A.J. Hoffman: It's time to appreciate what you have in Lebron James

Lebron James is the best of his generation. Gregory Shamus

It seems we get to this point every year in the NBA playoffs. The point where we all start asking the same question. 

“How far can LeBron James carry the Cavaliers this season?” 

It’s not surprising that we ask it. Whatever you think of his standing on the “all-time” list of NBA greats, he has been almost unquestionably the best player of his era. Thus, just like we did with Magic and Jordan and Kobe, we dissect his every move almost to the point of absurdity. 

2010 was the last time we had an NBA finals without LeBron. That 7-year streak is the longest of any player in history that didn’t play for the Celtics in the late-50’s to early 60’s (when there were four teams in each conference). 

The fact that he is currently down in the Eastern Conference Finals is only surprising because, well, he is LeBron. 

So far in these playoffs, James has been magnificent. He leads all playoff scorers with 33.1 PPG. He has averaged both 9.2 assists and rebounds in these playoffs. He had a 42 point, 10 rebound, 12 assist showing in Game 2 against Boston, in a game where he took a nasty shoulder to the jaw from Jayson Tatum. 

This Cavaliers team, should they find a way to make it to the Finals, is probably the weakest James-led playoff roster since his first finals appearance back in 2007 when the Cavs were swept by San Antonio. The 2015 team that lost to the Warriors was injured (Kevin Love in the first round of the playoffs and Kyrie Irving in Game 1 of the finals) but still more talented than this team. They finished the regular season fourth in the Eastern Conference, the lowest a James-led team has finished since 2008 when the Cavaliers were a 4 seed. 

The offseason went horrifically wrong for Cleveland, as Irving forced his way out and the Cavs got Isaiah Thomas back in return. Thomas never fit with the Cavs, and his style of play and lack of production made Cleveland look downright bad at times. It never quite rounded into the shape they had hoped, and at midseason Thomas and several other Cavaliers were sent packing, undoubtably at the behest of LeBron. 

Does this mean he is personally accountable for how they perform? That is hard to say. While he has a lot of clout, more than any other player in the league, he isn’t a GM and he isn’t an owner. If the Cavaliers decided it was in the team’s best interest to make the moves that James wanted, is that on him or the organization? Cleveland is already in a precarious situation because they have to balance trying to win another championship while LeBron is still in town with trying to keep him happy enough to keep him around for the foreseeable future.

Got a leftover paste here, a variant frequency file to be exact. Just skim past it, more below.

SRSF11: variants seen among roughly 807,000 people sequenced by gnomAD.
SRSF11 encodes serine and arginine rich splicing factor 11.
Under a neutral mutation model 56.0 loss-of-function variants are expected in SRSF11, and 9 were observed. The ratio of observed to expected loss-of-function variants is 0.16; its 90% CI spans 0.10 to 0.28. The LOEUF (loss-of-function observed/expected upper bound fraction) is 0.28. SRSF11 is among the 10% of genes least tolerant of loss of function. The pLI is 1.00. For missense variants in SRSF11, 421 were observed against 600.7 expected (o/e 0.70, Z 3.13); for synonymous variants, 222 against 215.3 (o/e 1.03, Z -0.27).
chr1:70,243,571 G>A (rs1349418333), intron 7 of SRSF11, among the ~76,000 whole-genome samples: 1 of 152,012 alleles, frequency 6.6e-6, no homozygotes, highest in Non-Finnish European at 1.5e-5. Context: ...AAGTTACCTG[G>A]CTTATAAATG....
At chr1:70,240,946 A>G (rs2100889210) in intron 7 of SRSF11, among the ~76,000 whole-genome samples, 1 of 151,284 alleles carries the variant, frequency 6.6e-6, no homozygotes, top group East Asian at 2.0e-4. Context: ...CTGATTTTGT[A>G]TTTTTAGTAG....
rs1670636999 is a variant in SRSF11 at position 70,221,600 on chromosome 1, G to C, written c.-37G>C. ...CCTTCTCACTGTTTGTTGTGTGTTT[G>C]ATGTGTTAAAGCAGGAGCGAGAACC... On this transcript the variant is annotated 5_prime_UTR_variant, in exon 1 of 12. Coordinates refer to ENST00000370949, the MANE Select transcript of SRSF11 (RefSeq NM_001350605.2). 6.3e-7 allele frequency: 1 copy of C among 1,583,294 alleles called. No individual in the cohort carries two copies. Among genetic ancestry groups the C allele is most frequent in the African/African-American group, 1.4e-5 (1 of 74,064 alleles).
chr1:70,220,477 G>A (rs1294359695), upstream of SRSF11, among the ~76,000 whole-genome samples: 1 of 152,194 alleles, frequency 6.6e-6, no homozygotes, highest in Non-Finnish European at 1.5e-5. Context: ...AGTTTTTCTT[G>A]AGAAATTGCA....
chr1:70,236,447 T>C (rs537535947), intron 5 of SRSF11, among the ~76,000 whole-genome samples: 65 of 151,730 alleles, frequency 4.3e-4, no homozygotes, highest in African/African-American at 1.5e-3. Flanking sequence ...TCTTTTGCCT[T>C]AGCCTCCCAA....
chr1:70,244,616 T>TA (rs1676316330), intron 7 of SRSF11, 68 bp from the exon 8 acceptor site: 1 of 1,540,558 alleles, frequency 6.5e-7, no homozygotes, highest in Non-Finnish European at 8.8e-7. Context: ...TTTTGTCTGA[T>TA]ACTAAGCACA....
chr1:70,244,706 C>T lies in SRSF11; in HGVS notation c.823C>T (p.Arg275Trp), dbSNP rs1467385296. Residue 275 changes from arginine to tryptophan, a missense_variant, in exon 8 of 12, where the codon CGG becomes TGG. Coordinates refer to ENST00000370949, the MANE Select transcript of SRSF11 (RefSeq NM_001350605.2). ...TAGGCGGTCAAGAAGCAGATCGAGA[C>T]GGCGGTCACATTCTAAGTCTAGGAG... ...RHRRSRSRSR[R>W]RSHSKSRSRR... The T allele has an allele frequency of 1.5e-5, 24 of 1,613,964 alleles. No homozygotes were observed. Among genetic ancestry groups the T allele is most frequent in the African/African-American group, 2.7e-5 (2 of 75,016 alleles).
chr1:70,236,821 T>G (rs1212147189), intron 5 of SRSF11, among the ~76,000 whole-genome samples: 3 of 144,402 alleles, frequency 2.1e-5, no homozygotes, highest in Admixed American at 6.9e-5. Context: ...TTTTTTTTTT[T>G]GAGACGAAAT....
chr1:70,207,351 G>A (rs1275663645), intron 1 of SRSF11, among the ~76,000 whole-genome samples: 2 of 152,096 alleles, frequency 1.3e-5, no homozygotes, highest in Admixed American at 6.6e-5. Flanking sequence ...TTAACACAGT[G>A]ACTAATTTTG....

If the Cavs end up losing to the Celtics, it seems like there would not be much reason for LeBron to stay in Cleveland beyond this season. It would also, once again, subject him to the scrutiny of not only his detractors, but also the fans in Cleveland (let’s not forget how quickly they turned on him after “The Decision.” We will see the inevitable “LeBum” memes and there will be 29 fanbases calling him a sellout and a ring chaser. There will also be one fanbase who loves and adores him and realize that his mere presence makes them a favorite to contend for a title immediately. 

What if he does find a way to pull this off against the Celtics? What if he carries a team where no other player is averaging six made baskets per night all the way to the Finals? With the modern NBA built on “super teams” and “Big 3s,” the truth is James will have dragged a pack of B and C-level players to yet another NBA Finals, where the nitpicking starts all over. 

If the Cavaliers lose to either the Warriors or the Rockets, it will be another example for people to point to for the purpose of detracting from his legacy. It won’t matter if he is great in a losing effort. Look no further than the aforementioned 2015 Finals, where LeBron averaged 36 points per game and stretched the series with the Warriors to six games despite playing without Irving and Love. 

If the Cavaliers were to win the championship, it wouldn’t matter because Michael Jordan never lost one and didn’t have to join up with Kevin Love to win his rings. Look no further than the 2016 Finals where he averaged 30 points per game and beat a team that had the best regular season in the history of the NBA. 

The greatest player of this generation is still on the floor, and still fighting hard for another ring, and you have two choices. You can either appreciate his greatness and effort regardless of the outcome, or you can sit back and stubbornly pretend that he isn’t nearly as good as the media makes him out to be. Whatever happens in this series and beyond, try to put aside nicknames and all-time rankings and Player A vs. Player B comparisons, even if only for a little while. Just soak it in, and try to appreciate one of the best who has ever touched a ball go all out to add to his legacy. 

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